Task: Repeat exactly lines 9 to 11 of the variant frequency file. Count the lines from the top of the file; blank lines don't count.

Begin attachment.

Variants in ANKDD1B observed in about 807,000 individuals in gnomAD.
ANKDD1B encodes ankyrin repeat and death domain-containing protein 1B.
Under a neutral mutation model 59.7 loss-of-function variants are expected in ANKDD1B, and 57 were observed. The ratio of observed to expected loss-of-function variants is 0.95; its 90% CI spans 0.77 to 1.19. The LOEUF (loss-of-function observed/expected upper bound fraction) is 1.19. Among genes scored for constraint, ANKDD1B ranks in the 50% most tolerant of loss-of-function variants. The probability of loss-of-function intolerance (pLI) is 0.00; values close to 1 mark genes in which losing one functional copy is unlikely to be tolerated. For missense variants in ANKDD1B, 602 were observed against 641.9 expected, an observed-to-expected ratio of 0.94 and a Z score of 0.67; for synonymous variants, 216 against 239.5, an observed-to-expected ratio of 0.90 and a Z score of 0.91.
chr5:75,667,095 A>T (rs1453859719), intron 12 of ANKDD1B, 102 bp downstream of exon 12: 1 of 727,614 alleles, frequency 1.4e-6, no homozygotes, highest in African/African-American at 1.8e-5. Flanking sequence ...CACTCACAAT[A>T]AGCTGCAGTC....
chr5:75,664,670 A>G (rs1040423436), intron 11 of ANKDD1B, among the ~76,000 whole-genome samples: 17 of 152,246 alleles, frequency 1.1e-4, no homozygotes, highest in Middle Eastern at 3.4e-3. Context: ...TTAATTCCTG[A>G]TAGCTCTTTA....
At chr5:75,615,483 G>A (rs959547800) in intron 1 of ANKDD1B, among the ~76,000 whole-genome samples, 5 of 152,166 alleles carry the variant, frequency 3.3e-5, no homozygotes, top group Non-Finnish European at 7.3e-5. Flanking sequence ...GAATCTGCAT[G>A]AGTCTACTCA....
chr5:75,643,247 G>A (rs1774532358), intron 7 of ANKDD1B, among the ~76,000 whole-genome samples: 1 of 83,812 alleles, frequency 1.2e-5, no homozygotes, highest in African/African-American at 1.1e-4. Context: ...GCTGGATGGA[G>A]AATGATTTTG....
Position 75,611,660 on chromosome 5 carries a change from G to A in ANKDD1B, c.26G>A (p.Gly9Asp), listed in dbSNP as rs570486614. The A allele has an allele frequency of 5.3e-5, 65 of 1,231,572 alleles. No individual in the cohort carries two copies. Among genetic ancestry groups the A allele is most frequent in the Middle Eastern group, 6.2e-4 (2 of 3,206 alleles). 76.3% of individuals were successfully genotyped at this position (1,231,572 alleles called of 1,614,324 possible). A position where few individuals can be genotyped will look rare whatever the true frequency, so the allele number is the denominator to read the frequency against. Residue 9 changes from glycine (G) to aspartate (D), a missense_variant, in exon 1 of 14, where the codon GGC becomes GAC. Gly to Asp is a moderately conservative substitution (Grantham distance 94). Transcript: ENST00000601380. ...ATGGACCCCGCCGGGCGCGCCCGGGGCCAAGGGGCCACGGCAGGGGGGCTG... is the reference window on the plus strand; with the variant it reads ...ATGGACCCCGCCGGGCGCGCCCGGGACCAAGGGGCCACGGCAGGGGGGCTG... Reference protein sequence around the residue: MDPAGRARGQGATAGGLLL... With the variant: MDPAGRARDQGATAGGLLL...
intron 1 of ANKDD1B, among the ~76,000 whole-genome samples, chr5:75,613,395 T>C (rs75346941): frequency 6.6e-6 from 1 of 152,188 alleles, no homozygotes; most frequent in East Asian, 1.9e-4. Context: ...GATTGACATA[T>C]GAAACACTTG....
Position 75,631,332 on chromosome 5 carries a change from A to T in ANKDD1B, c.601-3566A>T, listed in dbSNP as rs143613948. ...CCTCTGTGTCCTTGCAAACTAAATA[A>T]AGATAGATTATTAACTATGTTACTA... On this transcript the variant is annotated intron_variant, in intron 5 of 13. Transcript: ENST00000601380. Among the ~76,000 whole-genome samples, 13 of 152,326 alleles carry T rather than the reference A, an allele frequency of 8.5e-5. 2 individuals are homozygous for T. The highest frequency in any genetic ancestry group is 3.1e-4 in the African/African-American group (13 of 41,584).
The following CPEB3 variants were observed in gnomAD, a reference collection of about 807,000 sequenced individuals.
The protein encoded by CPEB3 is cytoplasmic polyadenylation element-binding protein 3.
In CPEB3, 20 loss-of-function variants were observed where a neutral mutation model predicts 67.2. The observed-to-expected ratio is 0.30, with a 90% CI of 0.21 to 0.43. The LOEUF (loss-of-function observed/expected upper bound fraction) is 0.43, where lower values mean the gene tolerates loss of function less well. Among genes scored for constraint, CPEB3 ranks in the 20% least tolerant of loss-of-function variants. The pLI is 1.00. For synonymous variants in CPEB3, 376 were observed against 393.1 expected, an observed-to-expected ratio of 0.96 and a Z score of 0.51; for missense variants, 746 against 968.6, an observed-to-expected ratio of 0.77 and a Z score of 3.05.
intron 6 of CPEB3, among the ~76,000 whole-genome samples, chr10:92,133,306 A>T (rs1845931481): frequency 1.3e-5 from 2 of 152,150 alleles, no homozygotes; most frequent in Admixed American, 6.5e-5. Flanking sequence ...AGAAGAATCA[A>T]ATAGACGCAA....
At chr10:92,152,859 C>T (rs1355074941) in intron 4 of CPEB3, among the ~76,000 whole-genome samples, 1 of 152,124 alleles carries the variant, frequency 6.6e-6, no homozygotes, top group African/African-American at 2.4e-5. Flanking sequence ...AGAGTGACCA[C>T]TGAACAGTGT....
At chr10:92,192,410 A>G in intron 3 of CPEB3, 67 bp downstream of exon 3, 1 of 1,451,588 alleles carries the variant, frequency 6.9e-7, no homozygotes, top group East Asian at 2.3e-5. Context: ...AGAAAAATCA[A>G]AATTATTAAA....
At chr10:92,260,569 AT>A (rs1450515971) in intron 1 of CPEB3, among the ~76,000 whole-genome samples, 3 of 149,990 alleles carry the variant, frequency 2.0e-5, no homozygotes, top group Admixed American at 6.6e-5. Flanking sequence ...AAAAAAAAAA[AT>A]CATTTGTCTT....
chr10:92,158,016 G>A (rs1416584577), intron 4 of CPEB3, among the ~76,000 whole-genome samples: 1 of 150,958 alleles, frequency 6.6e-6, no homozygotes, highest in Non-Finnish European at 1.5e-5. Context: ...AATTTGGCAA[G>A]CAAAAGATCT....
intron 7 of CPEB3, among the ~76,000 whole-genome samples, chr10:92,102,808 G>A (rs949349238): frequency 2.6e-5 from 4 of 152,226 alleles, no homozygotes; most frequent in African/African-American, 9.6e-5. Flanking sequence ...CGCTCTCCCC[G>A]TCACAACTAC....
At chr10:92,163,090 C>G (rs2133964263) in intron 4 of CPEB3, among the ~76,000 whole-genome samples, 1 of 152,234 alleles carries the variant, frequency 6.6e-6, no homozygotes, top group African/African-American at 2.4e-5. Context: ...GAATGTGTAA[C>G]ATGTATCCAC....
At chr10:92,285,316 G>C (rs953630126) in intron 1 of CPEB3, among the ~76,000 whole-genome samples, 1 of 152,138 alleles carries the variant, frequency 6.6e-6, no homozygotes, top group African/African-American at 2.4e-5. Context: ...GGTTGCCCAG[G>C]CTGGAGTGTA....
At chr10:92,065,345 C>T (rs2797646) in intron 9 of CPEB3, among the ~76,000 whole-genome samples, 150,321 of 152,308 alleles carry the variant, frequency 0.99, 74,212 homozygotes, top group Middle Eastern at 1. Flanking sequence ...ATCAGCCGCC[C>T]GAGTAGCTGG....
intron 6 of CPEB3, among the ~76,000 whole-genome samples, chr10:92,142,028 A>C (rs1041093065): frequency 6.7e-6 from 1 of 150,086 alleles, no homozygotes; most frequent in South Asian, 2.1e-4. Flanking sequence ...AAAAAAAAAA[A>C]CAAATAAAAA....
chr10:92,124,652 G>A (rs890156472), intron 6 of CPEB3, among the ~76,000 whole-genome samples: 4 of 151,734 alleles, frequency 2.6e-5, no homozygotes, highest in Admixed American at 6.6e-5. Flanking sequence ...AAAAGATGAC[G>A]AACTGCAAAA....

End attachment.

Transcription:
intron 1 of ANKDD1B, among the ~76,000 whole-genome samples, chr5:75,613,395 T>C (rs75346941): frequency 6.6e-6 from 1 of 152,188 alleles, no homozygotes; most frequent in East Asian, 1.9e-4. Context: ...GATTGACATA[T>C]GAAACACTTG....
Position 75,631,332 on chromosome 5 carries a change from A to T in ANKDD1B, c.601-3566A>T, listed in dbSNP as rs143613948. ...CCTCTGTGTCCTTGCAAACTAAATA[A>T]AGATAGATTATTAACTATGTTACTA... On this transcript the variant is annotated intron_variant, in intron 5 of 13. Transcript: ENST00000601380. Among the ~76,000 whole-genome samples, 13 of 152,326 alleles carry T rather than the reference A, an allele frequency of 8.5e-5. 2 individuals are homozygous for T. The highest frequency in any genetic ancestry group is 3.1e-4 in the African/African-American group (13 of 41,584).
The following CPEB3 variants were observed in gnomAD, a reference collection of about 807,000 sequenced individuals.